I’m sure someone out there has done it, so…Anyone have any input of riding a uni with a standard bicycle seat attached? I’ve read various threads on why the unicycle seat is shaped the way it is, turning and what not. But I’m not convinced, I think a bike seat would work fine for normal riding.
There are a few Downhill Mountain bike seats that I’ve seen and thought about putting on a uni.
The Tioga downhill saddle comes to mind.
I know there were some riders at Moab who used modified bike seats, but personally I have never tried any of them.
There is a long way to go in Unicycle seat shape, the more I ride the more I like a seat that isn’t too wide and one that is firm, but not hard. But I think you’ll find that this is not the case for most riders.
I think for distance a flatter seat is a good thing. Especially with GB4 type handles that will keep you from coming off the front. I think Scott Wallis is onto something that’s getting pretty close to a great distance seat. I haven’t tried one yet. Does anyone who has have any reviews?
There has been plenty of experience with bike seats on unicycles, starting from the 1870s and mostly ending when decent, proper unicycle seats came along. My Langenberg “indoor” 26" unicycle (for artistic bike-style riding) came with a high-end Ideale leather bike saddle from France. OWWW! And the thought of walking the wheel with such a seat was enough to make me cringe. I eventually sold the seat to someone who was into road biking and could appreciate it.
Unicycle seats are made for unicycling and, in general, are much better suited to the task. The main reason why unicycle seats are less comfortable than bike seats are the pelvic angle you have on a unicycle, and the fact that most (or all) of your weight is on the seat. I think that, even with the larger resources of the bicycle market working on the problem (which it mostly never does), finding an ideal solution will not be easy. The KH/Velo saddle is probably the best thing to ever happen in the world of unicycle seats. Not just the initial comfort, but the steady pace of improvements Kris and Velo have made since introducing it.
But I have seen some bicycle seats working well on unicycles. The best examples I can think of are when you have a good handlebar setup on a road uni. If you can get some of your weight off the seat, along with a more forward-leaning position like you would have on a bike, a bike seat makes a ton more sense. Someday I may have such a setup on my Coker…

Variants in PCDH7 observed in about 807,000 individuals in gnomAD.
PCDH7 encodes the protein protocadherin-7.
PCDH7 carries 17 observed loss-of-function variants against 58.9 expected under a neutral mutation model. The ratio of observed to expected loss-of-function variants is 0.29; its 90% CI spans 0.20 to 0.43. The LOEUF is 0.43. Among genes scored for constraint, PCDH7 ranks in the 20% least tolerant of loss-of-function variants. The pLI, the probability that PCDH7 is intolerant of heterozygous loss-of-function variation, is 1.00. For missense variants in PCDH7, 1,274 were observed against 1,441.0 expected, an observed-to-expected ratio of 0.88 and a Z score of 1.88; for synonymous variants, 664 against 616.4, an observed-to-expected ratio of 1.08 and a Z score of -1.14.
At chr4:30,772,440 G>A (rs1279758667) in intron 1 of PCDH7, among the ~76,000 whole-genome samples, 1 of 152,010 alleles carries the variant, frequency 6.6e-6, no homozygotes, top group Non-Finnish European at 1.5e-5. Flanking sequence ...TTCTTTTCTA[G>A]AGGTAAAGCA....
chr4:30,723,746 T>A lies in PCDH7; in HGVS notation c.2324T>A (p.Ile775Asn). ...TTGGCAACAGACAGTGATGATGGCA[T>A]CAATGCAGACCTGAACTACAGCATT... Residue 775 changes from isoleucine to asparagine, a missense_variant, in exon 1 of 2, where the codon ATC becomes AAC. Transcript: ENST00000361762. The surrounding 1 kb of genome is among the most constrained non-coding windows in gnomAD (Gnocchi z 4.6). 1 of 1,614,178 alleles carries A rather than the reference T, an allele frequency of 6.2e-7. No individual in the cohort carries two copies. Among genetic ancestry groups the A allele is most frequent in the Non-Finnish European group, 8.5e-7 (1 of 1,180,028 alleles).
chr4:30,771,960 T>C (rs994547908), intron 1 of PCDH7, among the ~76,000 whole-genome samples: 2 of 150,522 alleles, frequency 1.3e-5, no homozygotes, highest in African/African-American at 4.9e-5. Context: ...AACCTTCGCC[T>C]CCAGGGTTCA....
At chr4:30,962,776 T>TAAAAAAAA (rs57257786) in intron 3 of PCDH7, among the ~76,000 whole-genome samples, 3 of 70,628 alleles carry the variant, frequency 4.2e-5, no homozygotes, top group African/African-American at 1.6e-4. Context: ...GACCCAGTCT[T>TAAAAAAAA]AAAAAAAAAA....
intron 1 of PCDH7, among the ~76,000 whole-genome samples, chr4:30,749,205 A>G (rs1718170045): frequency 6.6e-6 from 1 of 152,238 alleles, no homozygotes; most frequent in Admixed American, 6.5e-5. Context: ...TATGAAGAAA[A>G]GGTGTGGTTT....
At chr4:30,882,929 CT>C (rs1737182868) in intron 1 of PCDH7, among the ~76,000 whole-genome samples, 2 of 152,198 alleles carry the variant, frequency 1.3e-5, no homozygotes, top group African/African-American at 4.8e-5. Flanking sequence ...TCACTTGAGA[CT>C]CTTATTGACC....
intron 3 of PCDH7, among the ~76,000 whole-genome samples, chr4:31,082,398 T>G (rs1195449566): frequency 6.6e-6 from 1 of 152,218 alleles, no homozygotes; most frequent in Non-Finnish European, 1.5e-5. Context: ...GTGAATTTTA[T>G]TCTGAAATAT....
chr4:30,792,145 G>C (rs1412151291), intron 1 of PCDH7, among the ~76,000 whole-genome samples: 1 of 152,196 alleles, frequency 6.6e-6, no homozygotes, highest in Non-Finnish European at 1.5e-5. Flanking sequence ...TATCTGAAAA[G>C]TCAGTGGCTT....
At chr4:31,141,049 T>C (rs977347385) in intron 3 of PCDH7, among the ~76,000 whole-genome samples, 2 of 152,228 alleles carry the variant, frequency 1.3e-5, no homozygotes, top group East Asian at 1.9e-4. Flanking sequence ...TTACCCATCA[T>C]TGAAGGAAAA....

I’d love to buy one, but Scott didn’t seem too interested in selling them. Not sure if he is selling them now, because I haven’t tried to get back in touch after our initial volley of e-mails. When we were e-mailing it seemed like he was months away from having a product to sell. So he may have them now.
When I built my giraffe, I didn’t have a uni seat handy so I used a banana seat from an old schwinn, that was a very bad idea, I fell six feet very fast and promptly scrapped an old uni for it’s seat. My experiences with bike seats on unis has not been very good, but that may just be because it was on a giraffe…
My vintage 1959 uni has a proper leather bicycle seat and is virtually unrideable. The triangular shape of a pike seat pushes you forwards and you constantly feel like you’re going to slip off the front. Also, you need a handle or front bumper on a seat to ride on anything approaching difficult terrain.
Of all my seats, I still find the basic Miyata most comfortable, because it’s narrow. What you wear and how you sit make as much difference as the seat.
I get discomfort after 5 - 10 miles riding on the flat without a break. That seems reasonable to me, given that unicycling is inherently impractical and that is part of its charm.
At the time, money wasn’t an issue. Timing is everything. If he has any at NAUCC, I may be comming home with a new saddle for my Coker. I’ll have to be sure to carry some extra cash. I hate the idea of telling my wife I paid $400+ for a unicycle seat. But seriously isn’t your a$$ worth it.
if you’ve got a seat lying around, why not just try it? often the best way to do things is to try them yourself - I agree with all the advice here, but trying your own ideas out could lead to something good… (or a total flop, but you’ll learn from it!)
edit - I met a very nice gentleman in his early 60’s at CFM, riding a 1960’s unicycle with a 1960’s leather saddle. I wouldn’t have called it comfy, but he had no problems doing the 10K on it.